From the Bay Window by Rich Quatrone

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FROM THE BAY WINDOW

My brother Bob, my big brother,
comes to my rescue in the middle of
the night last night. The phone rings
and I think, who is calling at this hour?
It must be an emergency. And it
is, in ways, because my brother’s on
the phone asking if I’m all right.
Am I all right, I think to myself.
Hell, well maybe I am after all.
We have our kids all grown now,
and they aren’t us, but there’re
all right these kids of brother poets.
They’re pretty damn good, in fact.
So, I say to my brother on the phone,
are you all right, Bob? Are you okay up
there? As if the night that separates us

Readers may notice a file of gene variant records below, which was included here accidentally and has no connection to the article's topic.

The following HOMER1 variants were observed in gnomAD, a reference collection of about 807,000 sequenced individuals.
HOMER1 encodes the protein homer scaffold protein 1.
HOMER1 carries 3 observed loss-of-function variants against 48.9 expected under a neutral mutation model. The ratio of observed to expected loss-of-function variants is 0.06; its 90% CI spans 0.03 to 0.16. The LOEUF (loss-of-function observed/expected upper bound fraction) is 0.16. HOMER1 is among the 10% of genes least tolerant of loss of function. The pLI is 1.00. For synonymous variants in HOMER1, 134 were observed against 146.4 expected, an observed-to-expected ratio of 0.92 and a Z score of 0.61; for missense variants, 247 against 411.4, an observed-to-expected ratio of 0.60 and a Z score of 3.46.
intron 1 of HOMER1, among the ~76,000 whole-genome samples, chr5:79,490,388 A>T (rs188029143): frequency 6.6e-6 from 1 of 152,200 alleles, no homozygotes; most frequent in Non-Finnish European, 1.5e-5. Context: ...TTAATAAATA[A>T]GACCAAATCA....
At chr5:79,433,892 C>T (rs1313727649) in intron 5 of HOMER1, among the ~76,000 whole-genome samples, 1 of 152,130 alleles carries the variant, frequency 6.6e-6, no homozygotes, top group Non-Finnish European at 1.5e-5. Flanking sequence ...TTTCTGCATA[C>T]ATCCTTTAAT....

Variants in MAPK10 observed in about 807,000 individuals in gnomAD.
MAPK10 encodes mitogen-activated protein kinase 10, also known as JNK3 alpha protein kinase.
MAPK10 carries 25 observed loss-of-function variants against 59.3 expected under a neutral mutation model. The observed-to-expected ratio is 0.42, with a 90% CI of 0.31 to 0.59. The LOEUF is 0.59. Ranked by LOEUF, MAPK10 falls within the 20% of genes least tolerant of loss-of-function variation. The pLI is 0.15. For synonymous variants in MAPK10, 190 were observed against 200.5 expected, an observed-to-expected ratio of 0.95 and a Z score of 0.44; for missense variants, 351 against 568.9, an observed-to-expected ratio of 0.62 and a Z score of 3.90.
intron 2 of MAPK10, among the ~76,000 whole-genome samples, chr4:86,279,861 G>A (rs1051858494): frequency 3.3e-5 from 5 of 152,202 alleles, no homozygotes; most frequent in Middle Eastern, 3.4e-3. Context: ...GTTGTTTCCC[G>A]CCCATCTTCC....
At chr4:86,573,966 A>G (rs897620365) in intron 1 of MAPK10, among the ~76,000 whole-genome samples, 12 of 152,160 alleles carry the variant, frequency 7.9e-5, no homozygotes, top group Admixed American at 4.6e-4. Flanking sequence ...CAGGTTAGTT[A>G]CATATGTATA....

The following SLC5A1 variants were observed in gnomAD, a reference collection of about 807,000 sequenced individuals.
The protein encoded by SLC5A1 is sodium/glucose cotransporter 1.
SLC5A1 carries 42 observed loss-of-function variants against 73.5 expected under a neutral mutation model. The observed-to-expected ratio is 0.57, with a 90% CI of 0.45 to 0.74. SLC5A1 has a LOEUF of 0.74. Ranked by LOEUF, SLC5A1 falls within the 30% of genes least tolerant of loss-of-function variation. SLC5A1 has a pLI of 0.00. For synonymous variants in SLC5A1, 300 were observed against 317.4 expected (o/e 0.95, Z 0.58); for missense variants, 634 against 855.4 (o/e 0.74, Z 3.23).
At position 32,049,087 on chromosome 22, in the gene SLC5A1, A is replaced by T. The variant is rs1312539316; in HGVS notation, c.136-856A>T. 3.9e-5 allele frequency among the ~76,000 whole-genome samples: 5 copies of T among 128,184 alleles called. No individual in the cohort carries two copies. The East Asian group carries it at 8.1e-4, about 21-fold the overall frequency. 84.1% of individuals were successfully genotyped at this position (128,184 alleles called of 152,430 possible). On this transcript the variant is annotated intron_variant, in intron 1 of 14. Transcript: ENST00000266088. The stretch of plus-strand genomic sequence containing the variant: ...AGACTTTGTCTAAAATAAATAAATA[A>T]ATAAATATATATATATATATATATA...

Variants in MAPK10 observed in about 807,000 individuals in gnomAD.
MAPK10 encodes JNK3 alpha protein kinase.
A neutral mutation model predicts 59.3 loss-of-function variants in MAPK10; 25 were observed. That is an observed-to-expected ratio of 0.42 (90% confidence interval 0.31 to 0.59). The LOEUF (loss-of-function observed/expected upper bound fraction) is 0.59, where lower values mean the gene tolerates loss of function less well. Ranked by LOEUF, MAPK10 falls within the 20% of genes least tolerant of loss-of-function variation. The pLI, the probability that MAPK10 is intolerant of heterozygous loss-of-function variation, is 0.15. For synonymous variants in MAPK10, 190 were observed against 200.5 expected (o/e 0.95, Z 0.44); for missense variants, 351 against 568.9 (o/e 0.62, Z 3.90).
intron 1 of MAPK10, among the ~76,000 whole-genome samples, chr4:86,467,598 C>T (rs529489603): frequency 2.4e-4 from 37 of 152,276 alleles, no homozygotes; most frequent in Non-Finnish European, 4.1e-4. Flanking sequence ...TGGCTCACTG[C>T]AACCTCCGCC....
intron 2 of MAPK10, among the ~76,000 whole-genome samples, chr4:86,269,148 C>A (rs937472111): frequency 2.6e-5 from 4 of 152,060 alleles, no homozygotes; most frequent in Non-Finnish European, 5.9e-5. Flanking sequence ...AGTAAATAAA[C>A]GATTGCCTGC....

for this one moment joins us, as we were
joined when we were young boys, little
kids, really. It was Jersey City,
Sherman Place, it was the street ending
on Central Avenue. And I was being harassed
by a bully. The boy was bigger and older than me.
I was scared and heading home, and this ruffian
was on my tail.
When, lo and behold, who leans his head and shoulders
out the bay window above the street?
It was my big brother, that’s who.
And that bully saw my brother and made a fast turn.
I mean, he didn’t even break his stride. It was
as if it was in the very nature of things, a central
part of the universal justice, right there off
Central Avenue.
And so, too, last night. There he was again,
my brother, so much older now,
like me, the two of us old men.
But in that moment on the phone
we weren’t old anymore!
It was that bay window boy who defended
me, that protector. And who was I?
Well, I was, once again, the younger
brother in need.

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